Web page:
I really LIKED this book, but I did not love it nearly as much as the books in Madeleine L'Engle's original Time Quartet. However, that is not sayingI really LIKED this book, but I did not love it nearly as much as the books in Madeleine L'Engle's original Time Quartet. However, that is not saying the book is less than good. It is a wonderful coming-of-age novel focusing on the original Quartet characters' daughter, Polly O'Keefe (also in other L'Engle works) and her friend Zachary Gray (also in other works). As they travel back to prehistoric time from her grandparents' swimming pool and the famous star-watching rock, they learn about the true meanings of love, sacrifice and loss....more
I absolutely love this book. This is what had me wander over to the Urban Fantasy genre (other than Anne Rice, which is a genre in itself).
Anita BlakeI absolutely love this book. This is what had me wander over to the Urban Fantasy genre (other than Anne Rice, which is a genre in itself).
Anita Blake is a "special" human who refuses to work with vampires, as she has a very black and white opinion of them. Her beliefs are challenged and then destroyed as she works to solve a case involving a vampire serial killer and save a master vampire and his human minion (who are both really hot).
The character development in this book is delicious, compared to many others in the genre. In one book, we're able to watch Anita Blake transform (albeit unwillingly) into a person slightly more tolerant of vampires. We see a "bad guy" who isn't all that bad, a baddie who is an epic villainess, a fellow vampire hunter who is exponentially more dangerous but caring, and a minion who finally learns to stand up for himself.
I had originally given this book 4 Stars, but I upped it to 5 after rereading it. The more I read, the more I understand the beauty in Laurell K. Hamilton's writing style. This is a GOOD book, even if you don't like the genre. I would recommend it to anyone who reads Urban Fantasy, Sci Fi-Fantasy, or just has an open mind in general....more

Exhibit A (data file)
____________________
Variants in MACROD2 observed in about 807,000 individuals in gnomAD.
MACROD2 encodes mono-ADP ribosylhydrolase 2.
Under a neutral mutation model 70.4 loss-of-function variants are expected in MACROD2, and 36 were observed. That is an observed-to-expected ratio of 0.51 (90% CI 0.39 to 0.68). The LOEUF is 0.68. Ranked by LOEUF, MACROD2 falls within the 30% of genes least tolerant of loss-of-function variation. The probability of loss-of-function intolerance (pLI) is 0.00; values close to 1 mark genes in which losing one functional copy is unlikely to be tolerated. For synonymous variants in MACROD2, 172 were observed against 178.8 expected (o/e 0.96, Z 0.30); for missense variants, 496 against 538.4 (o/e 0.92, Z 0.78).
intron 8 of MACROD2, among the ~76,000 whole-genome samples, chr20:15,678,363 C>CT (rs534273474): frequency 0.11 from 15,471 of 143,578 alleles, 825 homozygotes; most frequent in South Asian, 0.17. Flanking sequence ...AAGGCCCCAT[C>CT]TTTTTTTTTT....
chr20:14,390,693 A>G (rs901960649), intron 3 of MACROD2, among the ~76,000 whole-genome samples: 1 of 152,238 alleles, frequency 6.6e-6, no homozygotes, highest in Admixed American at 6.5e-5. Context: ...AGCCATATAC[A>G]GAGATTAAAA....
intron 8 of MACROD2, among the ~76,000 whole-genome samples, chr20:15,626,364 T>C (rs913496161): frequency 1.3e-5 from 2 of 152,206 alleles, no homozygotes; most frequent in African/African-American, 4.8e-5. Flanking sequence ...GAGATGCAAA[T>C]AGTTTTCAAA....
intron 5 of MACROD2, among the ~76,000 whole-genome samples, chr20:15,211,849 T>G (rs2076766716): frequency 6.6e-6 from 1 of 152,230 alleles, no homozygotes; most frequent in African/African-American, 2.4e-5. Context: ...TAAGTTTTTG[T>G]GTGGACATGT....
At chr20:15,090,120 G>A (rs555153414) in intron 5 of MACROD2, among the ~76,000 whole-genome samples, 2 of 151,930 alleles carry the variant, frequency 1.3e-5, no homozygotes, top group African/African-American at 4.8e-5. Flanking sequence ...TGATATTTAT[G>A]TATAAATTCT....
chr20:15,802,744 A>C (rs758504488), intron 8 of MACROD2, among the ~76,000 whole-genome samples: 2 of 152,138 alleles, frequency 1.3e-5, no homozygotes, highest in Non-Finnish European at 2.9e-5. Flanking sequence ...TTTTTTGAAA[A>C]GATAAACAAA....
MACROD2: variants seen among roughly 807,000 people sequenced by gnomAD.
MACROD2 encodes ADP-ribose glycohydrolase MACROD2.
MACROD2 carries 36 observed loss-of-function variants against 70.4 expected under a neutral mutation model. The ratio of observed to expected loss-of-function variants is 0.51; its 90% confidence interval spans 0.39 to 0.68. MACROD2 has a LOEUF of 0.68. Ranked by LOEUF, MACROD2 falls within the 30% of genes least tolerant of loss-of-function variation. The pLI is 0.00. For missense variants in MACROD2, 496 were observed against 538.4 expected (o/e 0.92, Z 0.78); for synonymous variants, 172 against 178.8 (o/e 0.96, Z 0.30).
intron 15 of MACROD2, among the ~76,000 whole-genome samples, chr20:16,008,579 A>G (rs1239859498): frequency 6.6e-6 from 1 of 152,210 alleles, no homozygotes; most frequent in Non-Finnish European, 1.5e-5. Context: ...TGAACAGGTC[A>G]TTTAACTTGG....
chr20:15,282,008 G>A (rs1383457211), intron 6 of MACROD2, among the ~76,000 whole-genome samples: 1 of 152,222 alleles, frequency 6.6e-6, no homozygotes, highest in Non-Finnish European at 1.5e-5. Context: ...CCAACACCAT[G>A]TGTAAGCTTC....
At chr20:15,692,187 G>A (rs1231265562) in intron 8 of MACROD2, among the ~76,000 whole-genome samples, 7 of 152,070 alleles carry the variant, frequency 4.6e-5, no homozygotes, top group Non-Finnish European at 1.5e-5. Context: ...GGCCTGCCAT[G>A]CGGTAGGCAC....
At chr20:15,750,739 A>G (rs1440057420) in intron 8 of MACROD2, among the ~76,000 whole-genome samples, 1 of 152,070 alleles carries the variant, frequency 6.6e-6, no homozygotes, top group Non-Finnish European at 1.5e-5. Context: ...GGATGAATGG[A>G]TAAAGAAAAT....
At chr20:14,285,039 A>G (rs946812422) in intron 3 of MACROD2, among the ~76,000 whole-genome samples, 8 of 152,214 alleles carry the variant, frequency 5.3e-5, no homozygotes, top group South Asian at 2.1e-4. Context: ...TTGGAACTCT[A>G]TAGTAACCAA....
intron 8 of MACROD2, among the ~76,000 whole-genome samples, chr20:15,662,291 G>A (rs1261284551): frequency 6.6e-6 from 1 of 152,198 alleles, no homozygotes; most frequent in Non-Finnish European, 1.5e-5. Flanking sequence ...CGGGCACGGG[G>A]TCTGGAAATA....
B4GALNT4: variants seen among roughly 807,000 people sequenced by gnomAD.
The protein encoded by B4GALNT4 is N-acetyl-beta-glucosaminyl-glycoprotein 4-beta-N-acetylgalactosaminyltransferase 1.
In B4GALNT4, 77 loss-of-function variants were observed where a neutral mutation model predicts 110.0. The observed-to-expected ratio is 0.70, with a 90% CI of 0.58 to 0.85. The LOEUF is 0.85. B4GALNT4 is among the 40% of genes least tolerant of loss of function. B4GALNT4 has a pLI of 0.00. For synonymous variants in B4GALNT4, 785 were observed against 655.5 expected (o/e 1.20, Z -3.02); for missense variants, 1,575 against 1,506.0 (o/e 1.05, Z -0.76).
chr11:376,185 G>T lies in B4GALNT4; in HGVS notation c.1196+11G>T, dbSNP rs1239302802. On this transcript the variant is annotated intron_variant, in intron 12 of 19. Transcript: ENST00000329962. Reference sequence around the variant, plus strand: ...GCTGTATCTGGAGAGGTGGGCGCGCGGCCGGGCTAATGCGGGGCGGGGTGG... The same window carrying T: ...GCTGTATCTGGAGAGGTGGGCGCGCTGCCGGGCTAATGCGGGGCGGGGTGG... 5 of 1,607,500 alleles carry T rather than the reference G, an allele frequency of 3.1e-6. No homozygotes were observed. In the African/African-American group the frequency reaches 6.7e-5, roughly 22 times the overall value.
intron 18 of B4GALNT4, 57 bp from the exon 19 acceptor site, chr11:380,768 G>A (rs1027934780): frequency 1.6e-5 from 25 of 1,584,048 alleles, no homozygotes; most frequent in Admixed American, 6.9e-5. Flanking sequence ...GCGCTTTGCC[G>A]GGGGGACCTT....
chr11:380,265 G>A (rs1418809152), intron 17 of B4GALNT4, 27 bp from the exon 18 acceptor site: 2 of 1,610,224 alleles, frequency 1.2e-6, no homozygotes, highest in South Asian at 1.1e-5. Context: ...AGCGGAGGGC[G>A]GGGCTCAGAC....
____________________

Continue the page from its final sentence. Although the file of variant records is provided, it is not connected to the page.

Mage in Black is Jaye Wells’ sequel to her fantastic urban fantasy debut novel, Red-Headed Stepchild. Like its predecessor, it is fast-paced, funny, aMage in Black is Jaye Wells’ sequel to her fantastic urban fantasy debut novel, Red-Headed Stepchild. Like its predecessor, it is fast-paced, funny, and hard to put down.
The novel opens with Sabina headed to NYC with Adam to meet the identical twin she recently discovered having, on the run from her grandmother and the Dominae after their betrayal. In typical Sabina fashion, she immediately lands in trouble and stays in that condition, setting up a great plot for the book. She is out of her element and back to square one in training, as she knows nothing of being a mage after living her entire life as a vampire.
Wells’ characters are well-developed and as realistic as the dark races can be, just as in the first book. The world-building and mythology in this series is fantastic, which gives depth to the characters’ believability. Sabina is still a fireball, as in the previous book, but she’s become a more complex protagonist by being forced to face another part of her heritage, which is well outside the scope of her comfort zone. Adam Lazarus is absent throughout most of the book, but there is definitely some heat sizzling between him and Sabina while he’s around. Of course, Giguhl (Sabina’s minion) is still running amok and playing an even bigger role in the story than RHSC. He is a great comic relief and one of the best parts of the Sabina Kane series. Wells introduces us to Maisie, Sabina’s twin sister. I won’t spoil, but I will say that she is everything that Sabina is not. There are some other mage characters adding to the fun, and someone from Sabina’s past comes along that may just be the main ingredient for a very interesting love triangle.
All-in-all, this was a very fun read and a great sequel. I look forward to reading the next book in the series, Green-Eyed Demon....more